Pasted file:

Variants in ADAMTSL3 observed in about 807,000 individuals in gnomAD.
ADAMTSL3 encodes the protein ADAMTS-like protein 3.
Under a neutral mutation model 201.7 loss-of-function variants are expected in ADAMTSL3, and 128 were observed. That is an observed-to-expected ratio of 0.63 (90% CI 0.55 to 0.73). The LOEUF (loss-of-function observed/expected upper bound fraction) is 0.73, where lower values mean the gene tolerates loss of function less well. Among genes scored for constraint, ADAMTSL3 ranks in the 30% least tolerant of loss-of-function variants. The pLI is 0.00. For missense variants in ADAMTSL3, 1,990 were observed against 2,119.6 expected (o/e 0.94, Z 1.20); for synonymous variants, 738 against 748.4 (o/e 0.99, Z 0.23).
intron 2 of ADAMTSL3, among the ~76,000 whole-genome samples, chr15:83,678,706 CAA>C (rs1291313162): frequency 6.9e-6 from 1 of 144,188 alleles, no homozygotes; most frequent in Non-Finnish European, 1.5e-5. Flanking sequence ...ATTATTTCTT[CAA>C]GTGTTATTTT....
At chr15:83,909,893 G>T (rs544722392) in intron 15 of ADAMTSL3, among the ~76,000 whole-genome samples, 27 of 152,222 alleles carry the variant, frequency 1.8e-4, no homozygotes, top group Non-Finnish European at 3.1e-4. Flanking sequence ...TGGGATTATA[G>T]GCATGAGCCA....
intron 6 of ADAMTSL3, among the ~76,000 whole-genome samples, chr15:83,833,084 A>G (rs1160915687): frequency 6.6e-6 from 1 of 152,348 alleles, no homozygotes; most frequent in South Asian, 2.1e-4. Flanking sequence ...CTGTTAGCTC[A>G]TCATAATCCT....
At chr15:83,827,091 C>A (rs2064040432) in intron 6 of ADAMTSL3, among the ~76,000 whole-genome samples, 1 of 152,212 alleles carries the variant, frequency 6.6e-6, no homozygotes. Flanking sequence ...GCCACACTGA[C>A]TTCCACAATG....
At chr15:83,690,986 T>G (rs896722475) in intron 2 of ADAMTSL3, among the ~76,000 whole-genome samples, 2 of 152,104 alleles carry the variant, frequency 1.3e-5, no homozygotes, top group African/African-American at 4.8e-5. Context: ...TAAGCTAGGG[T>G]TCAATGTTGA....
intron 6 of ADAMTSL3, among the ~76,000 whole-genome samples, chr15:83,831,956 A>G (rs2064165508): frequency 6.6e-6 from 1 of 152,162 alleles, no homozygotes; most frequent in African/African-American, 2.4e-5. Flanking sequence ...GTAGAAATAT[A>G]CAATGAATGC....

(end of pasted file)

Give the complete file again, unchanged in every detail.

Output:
Variants in ADAMTSL3 observed in about 807,000 individuals in gnomAD.
ADAMTSL3 encodes the protein ADAMTS-like protein 3.
Under a neutral mutation model 201.7 loss-of-function variants are expected in ADAMTSL3, and 128 were observed. That is an observed-to-expected ratio of 0.63 (90% CI 0.55 to 0.73). The LOEUF (loss-of-function observed/expected upper bound fraction) is 0.73, where lower values mean the gene tolerates loss of function less well. Among genes scored for constraint, ADAMTSL3 ranks in the 30% least tolerant of loss-of-function variants. The pLI is 0.00. For missense variants in ADAMTSL3, 1,990 were observed against 2,119.6 expected (o/e 0.94, Z 1.20); for synonymous variants, 738 against 748.4 (o/e 0.99, Z 0.23).
intron 2 of ADAMTSL3, among the ~76,000 whole-genome samples, chr15:83,678,706 CAA>C (rs1291313162): frequency 6.9e-6 from 1 of 144,188 alleles, no homozygotes; most frequent in Non-Finnish European, 1.5e-5. Flanking sequence ...ATTATTTCTT[CAA>C]GTGTTATTTT....
At chr15:83,909,893 G>T (rs544722392) in intron 15 of ADAMTSL3, among the ~76,000 whole-genome samples, 27 of 152,222 alleles carry the variant, frequency 1.8e-4, no homozygotes, top group Non-Finnish European at 3.1e-4. Flanking sequence ...TGGGATTATA[G>T]GCATGAGCCA....
intron 6 of ADAMTSL3, among the ~76,000 whole-genome samples, chr15:83,833,084 A>G (rs1160915687): frequency 6.6e-6 from 1 of 152,348 alleles, no homozygotes; most frequent in South Asian, 2.1e-4. Flanking sequence ...CTGTTAGCTC[A>G]TCATAATCCT....
At chr15:83,827,091 C>A (rs2064040432) in intron 6 of ADAMTSL3, among the ~76,000 whole-genome samples, 1 of 152,212 alleles carries the variant, frequency 6.6e-6, no homozygotes. Flanking sequence ...GCCACACTGA[C>A]TTCCACAATG....
At chr15:83,690,986 T>G (rs896722475) in intron 2 of ADAMTSL3, among the ~76,000 whole-genome samples, 2 of 152,104 alleles carry the variant, frequency 1.3e-5, no homozygotes, top group African/African-American at 4.8e-5. Context: ...TAAGCTAGGG[T>G]TCAATGTTGA....
intron 6 of ADAMTSL3, among the ~76,000 whole-genome samples, chr15:83,831,956 A>G (rs2064165508): frequency 6.6e-6 from 1 of 152,162 alleles, no homozygotes; most frequent in African/African-American, 2.4e-5. Flanking sequence ...GTAGAAATAT[A>G]CAATGAATGC....